We’ll denote the answer to the first puzzle by R(3) and the answer to the second puzzle by R(4), i.e. R(3)=6 and R(4)=18. What if we ask for an n large enough that any colouring of the edges of in two colours must contain a monochromatic copy of or ? i.e., what are the values of R(5) and R(6)? No-one knows! Like the problem of counting trees, this problem has been open for decades.

Erdős asks us to imagine an alien force, vastly more powerful than us, landing on Earth and demanding the value of R(5) or they will destroy our planet. In that case, he claims, we should marshal all our computers and all our mathematicians and attempt to find the value. But suppose, instead, that they ask for R(6). In that case, he believes, we should attempt to destroy the aliens.

– Joel Spencer

Not only are these values unknown, mathematicians aren’t even close to being able to compute them.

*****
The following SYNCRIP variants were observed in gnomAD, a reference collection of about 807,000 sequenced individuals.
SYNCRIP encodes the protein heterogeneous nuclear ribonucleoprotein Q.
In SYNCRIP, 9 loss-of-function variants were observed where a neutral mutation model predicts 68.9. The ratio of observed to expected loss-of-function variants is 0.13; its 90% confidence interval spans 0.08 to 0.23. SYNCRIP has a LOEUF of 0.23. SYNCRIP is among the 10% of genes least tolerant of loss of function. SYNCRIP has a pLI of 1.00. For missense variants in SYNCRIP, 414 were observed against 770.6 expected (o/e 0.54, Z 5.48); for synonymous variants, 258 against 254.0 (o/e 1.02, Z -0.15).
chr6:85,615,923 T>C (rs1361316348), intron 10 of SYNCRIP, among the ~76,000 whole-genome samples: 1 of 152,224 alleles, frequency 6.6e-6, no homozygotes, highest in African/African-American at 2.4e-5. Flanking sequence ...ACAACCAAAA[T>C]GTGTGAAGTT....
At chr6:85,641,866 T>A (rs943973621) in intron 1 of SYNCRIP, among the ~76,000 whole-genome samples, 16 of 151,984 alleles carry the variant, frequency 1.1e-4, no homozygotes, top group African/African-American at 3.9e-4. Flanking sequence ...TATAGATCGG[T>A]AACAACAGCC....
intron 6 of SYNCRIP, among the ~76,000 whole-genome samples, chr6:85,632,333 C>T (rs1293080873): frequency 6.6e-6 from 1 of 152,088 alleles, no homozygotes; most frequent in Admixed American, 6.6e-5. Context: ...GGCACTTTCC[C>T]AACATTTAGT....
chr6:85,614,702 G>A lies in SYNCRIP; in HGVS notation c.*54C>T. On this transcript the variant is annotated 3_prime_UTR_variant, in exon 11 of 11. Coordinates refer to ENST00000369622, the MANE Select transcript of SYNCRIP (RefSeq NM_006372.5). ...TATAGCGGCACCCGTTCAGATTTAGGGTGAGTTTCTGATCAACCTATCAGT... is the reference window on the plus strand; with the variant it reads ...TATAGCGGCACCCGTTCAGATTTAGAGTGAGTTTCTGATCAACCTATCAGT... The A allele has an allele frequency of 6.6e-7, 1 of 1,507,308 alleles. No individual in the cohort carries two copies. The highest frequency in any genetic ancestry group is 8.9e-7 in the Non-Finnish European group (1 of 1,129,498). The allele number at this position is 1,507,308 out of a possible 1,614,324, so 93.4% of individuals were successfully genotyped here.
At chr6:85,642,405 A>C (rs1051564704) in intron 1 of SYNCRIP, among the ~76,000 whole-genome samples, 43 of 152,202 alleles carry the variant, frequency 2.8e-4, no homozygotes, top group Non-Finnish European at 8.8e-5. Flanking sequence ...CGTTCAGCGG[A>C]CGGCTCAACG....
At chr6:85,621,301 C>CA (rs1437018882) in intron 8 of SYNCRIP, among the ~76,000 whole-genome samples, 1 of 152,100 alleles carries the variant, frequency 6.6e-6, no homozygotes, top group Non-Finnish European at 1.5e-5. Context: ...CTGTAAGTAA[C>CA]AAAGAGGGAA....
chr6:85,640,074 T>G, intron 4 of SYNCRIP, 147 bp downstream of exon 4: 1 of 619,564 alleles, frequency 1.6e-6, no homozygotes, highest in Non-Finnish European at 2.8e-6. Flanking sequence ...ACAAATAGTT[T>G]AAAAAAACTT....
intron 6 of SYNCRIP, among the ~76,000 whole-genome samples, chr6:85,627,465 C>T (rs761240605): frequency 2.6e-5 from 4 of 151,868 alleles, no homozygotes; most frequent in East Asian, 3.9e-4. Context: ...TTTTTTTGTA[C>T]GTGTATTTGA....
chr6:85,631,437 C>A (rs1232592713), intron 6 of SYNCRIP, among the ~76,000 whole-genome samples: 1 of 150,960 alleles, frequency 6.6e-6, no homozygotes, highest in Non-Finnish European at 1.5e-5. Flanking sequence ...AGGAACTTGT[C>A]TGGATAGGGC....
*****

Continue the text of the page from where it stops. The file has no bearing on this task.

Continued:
Another open problem concerns colouring in the natural numbers (i.e. the numbers 0,1,2,3,…). It’s known that, for any colouring of the naturals in finitely many colours (e.g. colour 1 in blue, 2 in red, 3 in blue, 4 in green,…), and any n, there exists a sequence of numbers of the form a, a+b, a+2b, … , a+nb such that every number in this sequence has the same colour. In fact, it’s known that for any colouring of the naturals in finitely many colours there must exist an *infinite* sequence , , , … such that every finite sum of these numbers gets the same colour. Even stronger results are known, but I’ll not state them here as they’re quite technical. The upshot of these results is that whenever you colour the natural numbers using finitely many colours there must exist large monochromatic substructures with each of many different properties. However, these structures are all defined only in terms of addition. What if we also consider multiplication? Well, in that case we know almost nothing! The following problem is open: